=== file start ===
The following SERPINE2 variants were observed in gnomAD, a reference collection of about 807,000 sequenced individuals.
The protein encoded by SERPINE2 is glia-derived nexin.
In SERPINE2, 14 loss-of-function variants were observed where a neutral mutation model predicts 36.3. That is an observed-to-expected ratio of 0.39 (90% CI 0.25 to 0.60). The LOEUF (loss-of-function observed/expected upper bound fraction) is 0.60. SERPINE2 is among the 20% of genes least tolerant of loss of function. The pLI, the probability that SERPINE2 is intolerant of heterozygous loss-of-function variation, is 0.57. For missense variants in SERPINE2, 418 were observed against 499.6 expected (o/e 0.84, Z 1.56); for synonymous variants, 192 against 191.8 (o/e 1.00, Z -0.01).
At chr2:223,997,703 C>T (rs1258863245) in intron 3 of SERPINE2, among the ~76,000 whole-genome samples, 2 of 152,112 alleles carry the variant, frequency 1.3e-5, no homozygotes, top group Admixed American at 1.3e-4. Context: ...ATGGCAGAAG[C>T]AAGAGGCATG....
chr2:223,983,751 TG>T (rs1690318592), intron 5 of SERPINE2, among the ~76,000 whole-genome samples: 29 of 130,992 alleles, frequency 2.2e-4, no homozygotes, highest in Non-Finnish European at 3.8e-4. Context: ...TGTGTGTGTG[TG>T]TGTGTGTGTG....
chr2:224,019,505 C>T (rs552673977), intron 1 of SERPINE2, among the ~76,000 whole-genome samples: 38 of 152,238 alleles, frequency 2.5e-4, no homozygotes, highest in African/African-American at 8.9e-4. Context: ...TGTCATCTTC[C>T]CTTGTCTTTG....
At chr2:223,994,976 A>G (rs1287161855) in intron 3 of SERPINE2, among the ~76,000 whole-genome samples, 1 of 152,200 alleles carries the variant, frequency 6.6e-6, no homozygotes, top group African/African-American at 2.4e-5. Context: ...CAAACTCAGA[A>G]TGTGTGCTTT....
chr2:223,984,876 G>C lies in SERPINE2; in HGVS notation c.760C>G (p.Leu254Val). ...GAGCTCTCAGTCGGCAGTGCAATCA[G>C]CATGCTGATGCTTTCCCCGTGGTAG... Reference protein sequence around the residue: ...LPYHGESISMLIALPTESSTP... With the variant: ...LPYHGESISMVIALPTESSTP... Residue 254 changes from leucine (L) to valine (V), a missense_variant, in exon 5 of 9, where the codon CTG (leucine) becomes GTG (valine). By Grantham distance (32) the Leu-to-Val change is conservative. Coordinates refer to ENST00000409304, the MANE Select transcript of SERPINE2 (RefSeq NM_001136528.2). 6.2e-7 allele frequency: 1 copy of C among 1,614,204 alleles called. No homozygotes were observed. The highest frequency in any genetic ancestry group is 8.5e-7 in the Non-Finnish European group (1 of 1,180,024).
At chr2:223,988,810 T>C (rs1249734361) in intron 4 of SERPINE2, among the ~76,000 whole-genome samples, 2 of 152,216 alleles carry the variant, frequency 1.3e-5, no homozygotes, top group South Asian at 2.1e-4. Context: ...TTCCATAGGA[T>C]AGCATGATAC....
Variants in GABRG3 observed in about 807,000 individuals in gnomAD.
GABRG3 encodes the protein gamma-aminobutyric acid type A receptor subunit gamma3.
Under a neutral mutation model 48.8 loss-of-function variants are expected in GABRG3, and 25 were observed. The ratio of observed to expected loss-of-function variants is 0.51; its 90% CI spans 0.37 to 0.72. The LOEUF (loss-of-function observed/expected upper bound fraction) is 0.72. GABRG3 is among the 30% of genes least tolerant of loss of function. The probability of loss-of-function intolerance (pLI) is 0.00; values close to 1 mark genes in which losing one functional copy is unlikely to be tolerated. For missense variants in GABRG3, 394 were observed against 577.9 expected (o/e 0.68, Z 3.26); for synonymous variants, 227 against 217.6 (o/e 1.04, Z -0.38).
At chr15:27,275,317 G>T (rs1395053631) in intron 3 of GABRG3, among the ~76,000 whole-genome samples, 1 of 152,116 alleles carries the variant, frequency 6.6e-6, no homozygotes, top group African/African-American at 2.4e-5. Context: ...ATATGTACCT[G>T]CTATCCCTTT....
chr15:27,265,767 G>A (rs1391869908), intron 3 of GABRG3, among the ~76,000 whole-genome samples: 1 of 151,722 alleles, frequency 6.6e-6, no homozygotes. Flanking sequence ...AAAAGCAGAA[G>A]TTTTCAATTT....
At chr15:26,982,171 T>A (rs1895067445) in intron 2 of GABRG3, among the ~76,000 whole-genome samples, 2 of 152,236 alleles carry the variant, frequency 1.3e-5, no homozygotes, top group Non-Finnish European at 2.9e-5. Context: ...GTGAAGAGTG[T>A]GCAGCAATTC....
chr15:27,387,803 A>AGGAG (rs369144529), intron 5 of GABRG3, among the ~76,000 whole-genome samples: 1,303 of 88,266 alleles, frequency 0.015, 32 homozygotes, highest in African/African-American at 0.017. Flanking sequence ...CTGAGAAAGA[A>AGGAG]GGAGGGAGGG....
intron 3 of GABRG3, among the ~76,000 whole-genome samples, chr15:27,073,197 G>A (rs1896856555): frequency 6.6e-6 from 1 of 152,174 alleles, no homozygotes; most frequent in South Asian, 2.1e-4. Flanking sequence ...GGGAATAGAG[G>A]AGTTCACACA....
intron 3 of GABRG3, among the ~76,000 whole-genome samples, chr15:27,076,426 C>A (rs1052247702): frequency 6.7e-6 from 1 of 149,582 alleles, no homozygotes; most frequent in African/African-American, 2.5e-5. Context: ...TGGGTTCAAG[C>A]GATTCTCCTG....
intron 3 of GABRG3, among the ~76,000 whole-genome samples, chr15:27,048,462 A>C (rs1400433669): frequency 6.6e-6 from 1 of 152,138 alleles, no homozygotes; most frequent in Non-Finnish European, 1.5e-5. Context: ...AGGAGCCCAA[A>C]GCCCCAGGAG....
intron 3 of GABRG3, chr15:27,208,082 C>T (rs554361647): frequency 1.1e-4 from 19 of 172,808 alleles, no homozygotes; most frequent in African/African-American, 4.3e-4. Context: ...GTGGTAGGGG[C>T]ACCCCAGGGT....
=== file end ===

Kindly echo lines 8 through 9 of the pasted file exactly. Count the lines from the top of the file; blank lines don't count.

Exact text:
chr2:223,984,876 G>C lies in SERPINE2; in HGVS notation c.760C>G (p.Leu254Val). ...GAGCTCTCAGTCGGCAGTGCAATCA[G>C]CATGCTGATGCTTTCCCCGTGGTAG... Reference protein sequence around the residue: ...LPYHGESISMLIALPTESSTP... With the variant: ...LPYHGESISMVIALPTESSTP... Residue 254 changes from leucine (L) to valine (V), a missense_variant, in exon 5 of 9, where the codon CTG (leucine) becomes GTG (valine). By Grantham distance (32) the Leu-to-Val change is conservative. Coordinates refer to ENST00000409304, the MANE Select transcript of SERPINE2 (RefSeq NM_001136528.2). 6.2e-7 allele frequency: 1 copy of C among 1,614,204 alleles called. No homozygotes were observed. The highest frequency in any genetic ancestry group is 8.5e-7 in the Non-Finnish European group (1 of 1,180,024).
At chr2:223,988,810 T>C (rs1249734361) in intron 4 of SERPINE2, among the ~76,000 whole-genome samples, 2 of 152,216 alleles carry the variant, frequency 1.3e-5, no homozygotes, top group South Asian at 2.1e-4. Context: ...TTCCATAGGA[T>C]AGCATGATAC....